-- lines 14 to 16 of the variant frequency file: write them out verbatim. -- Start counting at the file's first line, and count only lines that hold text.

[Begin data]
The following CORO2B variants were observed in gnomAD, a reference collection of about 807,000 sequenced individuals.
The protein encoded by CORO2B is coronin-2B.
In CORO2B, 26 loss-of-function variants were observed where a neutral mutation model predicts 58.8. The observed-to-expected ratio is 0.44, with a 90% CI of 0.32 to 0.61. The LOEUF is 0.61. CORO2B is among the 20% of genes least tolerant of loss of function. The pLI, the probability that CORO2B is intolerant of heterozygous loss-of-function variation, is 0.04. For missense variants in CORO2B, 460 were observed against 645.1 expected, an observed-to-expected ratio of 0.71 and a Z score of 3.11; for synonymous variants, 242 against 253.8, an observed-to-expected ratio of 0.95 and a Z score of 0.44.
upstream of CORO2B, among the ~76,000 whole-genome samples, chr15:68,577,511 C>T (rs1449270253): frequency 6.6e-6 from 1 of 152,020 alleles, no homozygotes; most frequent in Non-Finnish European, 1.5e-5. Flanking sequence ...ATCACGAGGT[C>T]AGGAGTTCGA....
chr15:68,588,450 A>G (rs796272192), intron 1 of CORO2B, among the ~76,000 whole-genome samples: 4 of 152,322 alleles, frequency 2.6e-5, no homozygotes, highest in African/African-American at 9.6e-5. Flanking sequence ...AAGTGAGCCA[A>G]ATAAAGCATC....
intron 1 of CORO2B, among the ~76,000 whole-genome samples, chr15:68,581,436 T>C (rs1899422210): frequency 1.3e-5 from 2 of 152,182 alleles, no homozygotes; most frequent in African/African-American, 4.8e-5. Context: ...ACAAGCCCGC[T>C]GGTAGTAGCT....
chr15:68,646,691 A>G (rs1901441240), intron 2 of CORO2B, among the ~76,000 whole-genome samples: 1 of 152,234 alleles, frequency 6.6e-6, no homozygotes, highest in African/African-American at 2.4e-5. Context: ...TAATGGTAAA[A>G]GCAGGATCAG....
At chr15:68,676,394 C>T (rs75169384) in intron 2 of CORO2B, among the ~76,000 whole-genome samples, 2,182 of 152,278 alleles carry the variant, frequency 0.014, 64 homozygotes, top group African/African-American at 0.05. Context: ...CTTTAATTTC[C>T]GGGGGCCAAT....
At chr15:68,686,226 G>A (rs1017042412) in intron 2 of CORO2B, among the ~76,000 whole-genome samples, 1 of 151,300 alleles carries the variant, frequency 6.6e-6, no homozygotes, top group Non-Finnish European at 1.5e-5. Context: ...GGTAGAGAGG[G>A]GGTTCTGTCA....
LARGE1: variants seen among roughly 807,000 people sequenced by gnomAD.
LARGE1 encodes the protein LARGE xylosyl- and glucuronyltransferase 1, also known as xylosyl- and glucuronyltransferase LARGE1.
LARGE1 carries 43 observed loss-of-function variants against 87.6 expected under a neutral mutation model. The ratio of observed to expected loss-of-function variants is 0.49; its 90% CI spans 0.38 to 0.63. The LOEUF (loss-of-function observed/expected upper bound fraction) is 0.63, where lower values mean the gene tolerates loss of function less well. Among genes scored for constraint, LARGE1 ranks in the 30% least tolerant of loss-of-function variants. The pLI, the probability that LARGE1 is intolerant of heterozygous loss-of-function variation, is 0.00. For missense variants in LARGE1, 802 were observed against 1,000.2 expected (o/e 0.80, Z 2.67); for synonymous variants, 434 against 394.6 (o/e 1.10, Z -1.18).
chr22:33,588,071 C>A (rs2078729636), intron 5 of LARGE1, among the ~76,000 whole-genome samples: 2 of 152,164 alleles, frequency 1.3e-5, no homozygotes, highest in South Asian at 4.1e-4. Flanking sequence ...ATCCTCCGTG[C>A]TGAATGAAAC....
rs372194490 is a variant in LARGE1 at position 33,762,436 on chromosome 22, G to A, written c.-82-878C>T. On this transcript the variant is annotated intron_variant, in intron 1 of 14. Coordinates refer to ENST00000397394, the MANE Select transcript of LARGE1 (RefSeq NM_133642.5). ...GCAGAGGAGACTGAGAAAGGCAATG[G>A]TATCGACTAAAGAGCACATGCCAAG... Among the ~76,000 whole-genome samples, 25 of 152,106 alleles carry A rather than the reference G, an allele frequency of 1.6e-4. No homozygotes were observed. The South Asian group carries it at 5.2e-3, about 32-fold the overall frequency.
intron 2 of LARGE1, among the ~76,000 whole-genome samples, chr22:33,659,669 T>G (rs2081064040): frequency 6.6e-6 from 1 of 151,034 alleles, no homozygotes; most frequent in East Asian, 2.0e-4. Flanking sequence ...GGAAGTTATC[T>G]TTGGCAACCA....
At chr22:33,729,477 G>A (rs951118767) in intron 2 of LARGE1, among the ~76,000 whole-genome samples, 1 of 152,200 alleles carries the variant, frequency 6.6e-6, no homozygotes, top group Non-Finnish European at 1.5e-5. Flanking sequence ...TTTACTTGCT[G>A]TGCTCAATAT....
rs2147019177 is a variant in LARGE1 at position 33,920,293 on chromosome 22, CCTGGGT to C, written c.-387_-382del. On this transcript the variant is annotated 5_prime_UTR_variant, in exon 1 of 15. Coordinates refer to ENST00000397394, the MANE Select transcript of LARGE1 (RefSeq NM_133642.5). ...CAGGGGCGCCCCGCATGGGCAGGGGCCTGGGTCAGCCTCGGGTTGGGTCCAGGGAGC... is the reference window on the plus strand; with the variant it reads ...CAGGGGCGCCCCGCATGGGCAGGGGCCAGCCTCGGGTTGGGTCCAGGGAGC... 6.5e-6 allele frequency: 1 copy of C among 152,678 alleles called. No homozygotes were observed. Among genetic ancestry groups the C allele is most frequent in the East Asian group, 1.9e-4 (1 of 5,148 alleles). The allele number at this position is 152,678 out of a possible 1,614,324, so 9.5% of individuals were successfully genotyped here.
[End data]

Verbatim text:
rs372194490 is a variant in LARGE1 at position 33,762,436 on chromosome 22, G to A, written c.-82-878C>T. On this transcript the variant is annotated intron_variant, in intron 1 of 14. Coordinates refer to ENST00000397394, the MANE Select transcript of LARGE1 (RefSeq NM_133642.5). ...GCAGAGGAGACTGAGAAAGGCAATG[G>A]TATCGACTAAAGAGCACATGCCAAG... Among the ~76,000 whole-genome samples, 25 of 152,106 alleles carry A rather than the reference G, an allele frequency of 1.6e-4. No homozygotes were observed. The South Asian group carries it at 5.2e-3, about 32-fold the overall frequency.
intron 2 of LARGE1, among the ~76,000 whole-genome samples, chr22:33,659,669 T>G (rs2081064040): frequency 6.6e-6 from 1 of 151,034 alleles, no homozygotes; most frequent in East Asian, 2.0e-4. Flanking sequence ...GGAAGTTATC[T>G]TTGGCAACCA....
At chr22:33,729,477 G>A (rs951118767) in intron 2 of LARGE1, among the ~76,000 whole-genome samples, 1 of 152,200 alleles carries the variant, frequency 6.6e-6, no homozygotes, top group Non-Finnish European at 1.5e-5. Flanking sequence ...TTTACTTGCT[G>A]TGCTCAATAT....